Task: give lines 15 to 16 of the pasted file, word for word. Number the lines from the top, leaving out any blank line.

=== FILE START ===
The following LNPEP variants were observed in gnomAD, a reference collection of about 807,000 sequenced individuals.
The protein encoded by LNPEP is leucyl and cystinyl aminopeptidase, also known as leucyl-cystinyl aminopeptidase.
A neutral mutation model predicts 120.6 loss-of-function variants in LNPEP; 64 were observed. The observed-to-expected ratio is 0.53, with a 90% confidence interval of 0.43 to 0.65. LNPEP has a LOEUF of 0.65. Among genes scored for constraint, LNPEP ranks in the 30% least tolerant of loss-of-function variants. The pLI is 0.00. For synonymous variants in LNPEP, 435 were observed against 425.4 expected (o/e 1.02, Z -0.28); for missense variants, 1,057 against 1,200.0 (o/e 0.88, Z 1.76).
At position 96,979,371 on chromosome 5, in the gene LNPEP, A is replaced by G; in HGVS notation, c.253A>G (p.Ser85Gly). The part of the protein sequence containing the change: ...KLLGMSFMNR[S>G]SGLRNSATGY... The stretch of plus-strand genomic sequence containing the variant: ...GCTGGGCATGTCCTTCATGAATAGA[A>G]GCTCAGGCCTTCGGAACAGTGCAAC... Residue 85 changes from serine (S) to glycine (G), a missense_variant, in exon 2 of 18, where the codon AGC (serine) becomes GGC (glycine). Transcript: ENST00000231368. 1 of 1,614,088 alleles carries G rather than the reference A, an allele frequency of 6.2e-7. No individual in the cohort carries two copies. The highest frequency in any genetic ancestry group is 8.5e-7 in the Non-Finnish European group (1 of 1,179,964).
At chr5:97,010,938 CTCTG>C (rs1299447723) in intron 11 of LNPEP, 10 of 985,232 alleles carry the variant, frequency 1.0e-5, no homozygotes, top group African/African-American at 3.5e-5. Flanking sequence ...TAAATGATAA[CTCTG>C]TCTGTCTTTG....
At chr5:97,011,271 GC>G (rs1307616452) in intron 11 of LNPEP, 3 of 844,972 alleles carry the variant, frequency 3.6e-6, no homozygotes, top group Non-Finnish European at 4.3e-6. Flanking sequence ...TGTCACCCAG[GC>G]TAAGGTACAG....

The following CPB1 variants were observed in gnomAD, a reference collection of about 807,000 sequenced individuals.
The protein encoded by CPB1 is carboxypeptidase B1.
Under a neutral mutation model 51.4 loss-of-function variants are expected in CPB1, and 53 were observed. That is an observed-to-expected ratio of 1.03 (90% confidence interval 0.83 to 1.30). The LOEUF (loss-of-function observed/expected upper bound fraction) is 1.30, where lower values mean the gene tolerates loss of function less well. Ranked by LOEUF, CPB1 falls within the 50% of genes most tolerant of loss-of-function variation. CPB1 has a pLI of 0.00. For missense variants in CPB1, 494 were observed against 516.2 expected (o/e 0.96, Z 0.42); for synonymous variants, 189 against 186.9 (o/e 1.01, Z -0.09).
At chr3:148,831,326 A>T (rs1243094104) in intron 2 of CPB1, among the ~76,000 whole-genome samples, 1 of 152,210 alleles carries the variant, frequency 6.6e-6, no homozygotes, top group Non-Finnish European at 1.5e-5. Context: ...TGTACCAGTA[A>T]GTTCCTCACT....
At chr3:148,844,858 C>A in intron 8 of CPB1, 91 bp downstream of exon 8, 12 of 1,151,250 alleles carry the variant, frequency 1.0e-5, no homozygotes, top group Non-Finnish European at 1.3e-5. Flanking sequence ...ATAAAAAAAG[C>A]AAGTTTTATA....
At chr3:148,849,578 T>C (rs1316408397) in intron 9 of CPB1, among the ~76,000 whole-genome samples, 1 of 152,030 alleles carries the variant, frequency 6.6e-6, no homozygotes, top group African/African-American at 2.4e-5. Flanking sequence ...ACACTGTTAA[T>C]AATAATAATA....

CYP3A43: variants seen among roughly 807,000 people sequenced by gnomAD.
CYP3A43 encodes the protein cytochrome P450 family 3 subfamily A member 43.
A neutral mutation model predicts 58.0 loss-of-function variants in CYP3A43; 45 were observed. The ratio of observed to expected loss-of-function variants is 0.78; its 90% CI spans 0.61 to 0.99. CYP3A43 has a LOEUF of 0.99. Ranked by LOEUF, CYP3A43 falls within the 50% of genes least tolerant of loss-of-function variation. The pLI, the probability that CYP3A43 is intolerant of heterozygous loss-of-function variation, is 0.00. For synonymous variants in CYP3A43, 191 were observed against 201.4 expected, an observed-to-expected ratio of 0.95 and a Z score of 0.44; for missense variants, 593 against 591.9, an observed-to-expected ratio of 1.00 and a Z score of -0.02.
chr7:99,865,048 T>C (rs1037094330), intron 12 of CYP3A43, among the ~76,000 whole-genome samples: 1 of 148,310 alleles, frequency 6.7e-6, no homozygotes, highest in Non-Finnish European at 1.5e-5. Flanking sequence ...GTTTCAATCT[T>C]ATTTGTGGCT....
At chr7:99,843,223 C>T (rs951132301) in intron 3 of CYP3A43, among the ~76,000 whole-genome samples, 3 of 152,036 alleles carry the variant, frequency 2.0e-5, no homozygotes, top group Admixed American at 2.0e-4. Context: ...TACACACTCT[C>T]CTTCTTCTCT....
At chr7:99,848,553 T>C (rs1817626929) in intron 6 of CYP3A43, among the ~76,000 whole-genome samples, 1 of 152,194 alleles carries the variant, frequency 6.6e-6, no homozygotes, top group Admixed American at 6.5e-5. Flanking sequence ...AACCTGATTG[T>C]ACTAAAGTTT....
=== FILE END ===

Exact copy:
A neutral mutation model predicts 58.0 loss-of-function variants in CYP3A43; 45 were observed. The ratio of observed to expected loss-of-function variants is 0.78; its 90% CI spans 0.61 to 0.99. CYP3A43 has a LOEUF of 0.99. Ranked by LOEUF, CYP3A43 falls within the 50% of genes least tolerant of loss-of-function variation. The pLI, the probability that CYP3A43 is intolerant of heterozygous loss-of-function variation, is 0.00. For synonymous variants in CYP3A43, 191 were observed against 201.4 expected, an observed-to-expected ratio of 0.95 and a Z score of 0.44; for missense variants, 593 against 591.9, an observed-to-expected ratio of 1.00 and a Z score of -0.02.
chr7:99,865,048 T>C (rs1037094330), intron 12 of CYP3A43, among the ~76,000 whole-genome samples: 1 of 148,310 alleles, frequency 6.7e-6, no homozygotes, highest in Non-Finnish European at 1.5e-5. Flanking sequence ...GTTTCAATCT[T>C]ATTTGTGGCT....